an insult to the whole national assembly that was elected by the Iraqi people.
This shows that the democracy we are enjoying is fake.'"
Cole offered the following on this incident: "[It] will seem minor to most
Americans and few will see this Reuters photograph [of the legislator wiping
away his tears] reprinted from al-Hayat. … But such an incident is a
serious affront to national honor, and Iraqi male politicians don't often weep."
Naturally, Brigadier General Karl Horst of the 3rd infantry division "expressed
regret" and promised "a thorough investigation"; but we've just seen, in
the case of kidnapped Italian journalist Giuliana Sgrena and Nicola Calipari,
the agent who died on the Baghdad Airport road after rescuing her, how such
investigations generally turn out – even when those who have suffered at American
hands are citizens of the administration's second closest ally, Italy, with
its government in desperate shape and its deployment in Iraq at stake.
This seems to be more or less the state of things – impunity and quiet desperation
– as the Bush administration tries to keep the world it dreamed of dominating
under some kind of control; and yet, as Michael Schwartz makes clear in his
latest TomDispatch commentary, it faces a daunting task simply keeping boots
on the ground in Iraq. By the way, General Eric Shinseki's prewar comments –
which more or less got him laughed out of Washington by the neocons – that we
would need "several hundred thousand troops" to succeed in a postwar, occupied
Iraq – have often been quoted by critics, who invariably point out how right
he was. I've never, however, seen anyone explain where exactly those 200,000-300,000
extra troops were going to come from. What we can now see is that, before the
invasion of Iraq ever began, the Pentagon had already traded in those boots-on-the-ground
for its high-tech Army. (This is why, as
the Boston Globe reported recently, ill-prepared Air Force and Navy
personnel find themselves assigned to duties like "protecting supply convoys
traveling along Iraq's violent roadways" – and dying.)
It wasn't simply that Rumsfeld was wrong in his decision. After all, to do
otherwise than he did, he would have had to strip the empire of troops. I suspect,
given the numbers, that he had little choice – of course, he and his cronies
also believed in those strewn flowers and that "cakewalk" – and that Shinseki's
"several hundred thousand" statement was his way of saying exactly what they
didn't want to hear: Don't do it, guys! So much for retrospect. As for the future,
Schwartz ponders what a Bush administration, backed into a military corner,
is likely to think about a draft. Tom
Between Iraq and a Hard Place
by Michael Schwartz
After two years of intensive fighting in Iraq,
the Pentagon is feeling the strain in every military muscle and has been looking
for relief in just about every direction but one – the draft. All across the
United States today, young people are wondering whether, sooner or later, in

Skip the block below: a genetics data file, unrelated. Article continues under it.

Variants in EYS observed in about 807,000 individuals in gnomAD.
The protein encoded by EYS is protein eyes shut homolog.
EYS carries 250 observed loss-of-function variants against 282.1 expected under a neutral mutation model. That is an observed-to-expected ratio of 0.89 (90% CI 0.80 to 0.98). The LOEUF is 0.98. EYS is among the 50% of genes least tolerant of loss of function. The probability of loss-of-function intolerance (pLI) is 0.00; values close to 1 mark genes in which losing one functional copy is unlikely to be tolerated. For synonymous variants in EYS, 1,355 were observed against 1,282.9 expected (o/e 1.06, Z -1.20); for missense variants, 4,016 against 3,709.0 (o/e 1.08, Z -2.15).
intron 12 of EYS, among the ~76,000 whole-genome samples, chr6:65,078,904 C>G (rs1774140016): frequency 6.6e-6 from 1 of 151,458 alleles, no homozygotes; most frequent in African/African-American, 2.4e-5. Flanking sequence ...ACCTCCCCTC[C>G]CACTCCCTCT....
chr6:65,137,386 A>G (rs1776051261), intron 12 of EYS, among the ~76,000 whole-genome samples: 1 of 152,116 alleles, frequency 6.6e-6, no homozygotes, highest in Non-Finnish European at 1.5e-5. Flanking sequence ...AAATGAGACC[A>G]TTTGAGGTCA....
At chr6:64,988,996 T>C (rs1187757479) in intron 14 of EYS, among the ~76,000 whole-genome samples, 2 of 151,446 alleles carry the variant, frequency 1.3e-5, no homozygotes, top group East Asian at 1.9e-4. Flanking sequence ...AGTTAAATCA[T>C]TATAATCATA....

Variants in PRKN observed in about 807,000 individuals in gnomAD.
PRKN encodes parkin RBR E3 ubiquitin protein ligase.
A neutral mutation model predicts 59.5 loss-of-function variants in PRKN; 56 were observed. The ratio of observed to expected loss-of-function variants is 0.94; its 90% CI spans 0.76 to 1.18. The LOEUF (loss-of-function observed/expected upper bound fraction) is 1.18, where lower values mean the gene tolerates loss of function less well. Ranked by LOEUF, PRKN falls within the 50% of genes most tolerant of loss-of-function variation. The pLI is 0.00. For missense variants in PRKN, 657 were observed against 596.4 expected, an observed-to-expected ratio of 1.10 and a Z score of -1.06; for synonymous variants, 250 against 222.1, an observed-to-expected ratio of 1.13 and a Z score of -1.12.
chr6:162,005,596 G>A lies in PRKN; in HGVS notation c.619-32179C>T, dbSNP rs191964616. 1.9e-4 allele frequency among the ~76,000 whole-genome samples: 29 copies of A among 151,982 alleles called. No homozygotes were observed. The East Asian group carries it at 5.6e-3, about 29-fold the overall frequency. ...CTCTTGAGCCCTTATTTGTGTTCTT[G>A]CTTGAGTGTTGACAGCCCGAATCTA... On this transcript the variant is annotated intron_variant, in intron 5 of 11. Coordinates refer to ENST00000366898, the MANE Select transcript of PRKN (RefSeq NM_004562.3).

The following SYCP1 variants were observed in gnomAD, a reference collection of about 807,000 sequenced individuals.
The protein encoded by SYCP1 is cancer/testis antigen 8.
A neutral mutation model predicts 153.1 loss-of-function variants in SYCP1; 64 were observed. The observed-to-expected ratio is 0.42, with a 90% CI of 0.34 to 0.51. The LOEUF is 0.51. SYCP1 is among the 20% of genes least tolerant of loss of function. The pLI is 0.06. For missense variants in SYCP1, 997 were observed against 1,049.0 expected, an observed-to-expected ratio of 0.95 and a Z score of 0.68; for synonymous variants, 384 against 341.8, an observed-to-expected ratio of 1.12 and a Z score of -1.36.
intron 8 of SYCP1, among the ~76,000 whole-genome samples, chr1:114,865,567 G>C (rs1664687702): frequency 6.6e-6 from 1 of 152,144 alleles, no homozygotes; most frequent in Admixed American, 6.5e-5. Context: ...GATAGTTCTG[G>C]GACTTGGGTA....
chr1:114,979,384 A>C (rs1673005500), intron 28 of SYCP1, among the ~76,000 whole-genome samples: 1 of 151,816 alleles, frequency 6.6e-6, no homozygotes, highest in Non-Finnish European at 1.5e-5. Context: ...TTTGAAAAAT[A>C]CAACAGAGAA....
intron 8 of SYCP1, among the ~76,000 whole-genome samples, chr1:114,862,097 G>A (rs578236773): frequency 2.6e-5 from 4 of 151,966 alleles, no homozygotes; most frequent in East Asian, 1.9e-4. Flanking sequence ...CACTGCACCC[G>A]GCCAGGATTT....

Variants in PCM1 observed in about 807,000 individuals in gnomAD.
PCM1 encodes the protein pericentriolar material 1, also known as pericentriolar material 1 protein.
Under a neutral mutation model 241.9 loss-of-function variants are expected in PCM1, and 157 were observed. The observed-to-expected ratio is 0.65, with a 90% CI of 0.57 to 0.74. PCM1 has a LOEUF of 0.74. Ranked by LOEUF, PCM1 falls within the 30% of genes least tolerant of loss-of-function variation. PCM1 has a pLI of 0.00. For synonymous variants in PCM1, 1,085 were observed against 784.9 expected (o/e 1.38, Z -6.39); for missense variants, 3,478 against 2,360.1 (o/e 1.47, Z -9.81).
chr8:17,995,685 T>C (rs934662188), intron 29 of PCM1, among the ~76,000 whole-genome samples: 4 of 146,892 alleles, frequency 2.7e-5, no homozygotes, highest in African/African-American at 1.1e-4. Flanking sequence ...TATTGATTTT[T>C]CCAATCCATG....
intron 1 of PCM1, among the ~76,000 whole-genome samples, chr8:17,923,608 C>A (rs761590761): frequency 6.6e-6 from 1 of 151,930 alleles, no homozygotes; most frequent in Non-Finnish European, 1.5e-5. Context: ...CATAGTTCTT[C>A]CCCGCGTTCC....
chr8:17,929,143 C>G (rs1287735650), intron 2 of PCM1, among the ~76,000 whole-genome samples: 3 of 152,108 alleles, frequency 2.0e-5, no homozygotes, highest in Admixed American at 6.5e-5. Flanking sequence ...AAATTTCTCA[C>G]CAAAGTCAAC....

its increasingly airless military universe, the Bush administration will open
the window a crack and let the draft in.
A key reason for the ever more evident strain on military resources is that
more than 40 percent of the 150,000 soldiers in Iraq are Army Reserves and National
Guards. As Army historian Renee Hylton told Salon
reporter Jeff Horowitz, use of these forces creates pressure to "win and
get out … there's a definite limit to people's service." When they are called
to active duty, these troops risk their jobs as well as their lives; so, when
their mandatory two-year terms expire, a significant proportion of them, under
the best of circumstances, are likely to refuse further service. And service
in Iraq has already proved something less than the best of circumstances. Little
wonder then that, just past the two year anniversary of our invasion, the military
is under increasing pressure to replenish this crucial element in the recruitment
mix – without much of an idea of how to do so.
In addition, in order to maintain troop strength in Iraq at anything like present
levels, large numbers of active-duty soldiers must return there for more than
one nine-month tour of duty, and this redeployment too generates distrust and
distaste. Sooner or later, sizable numbers of these angry soldiers must nevertheless
be convinced to re-enlist, or else the pressure for new enlistees will escalate
out of control and beyond the bounds of the present system to satisfy.
Add to this a constantly increasing casualty toll, now well
beyond 30,000, which, in a variety of ways, places yet
more pressure on recruitment. Finally, as embittered double-deployment veterans
and angry Reserves, along with wounded and mentally stressed discharges, return
home, they only stiffen the resistance to enlistment among the young in their
None of this was anticipated at the start of the Iraq war by Bush administration
officials; they were confident that the American military could topple Saddam
Hussein's government and pacify any leftover"dead end" loyalists of the old
regime in about three months. Defense Department figures, reported by the Washington
Post on March 19, projected reductions in American troop strength in Iraq
and Afghanistan from just over 200,000 at the time of the invasion to about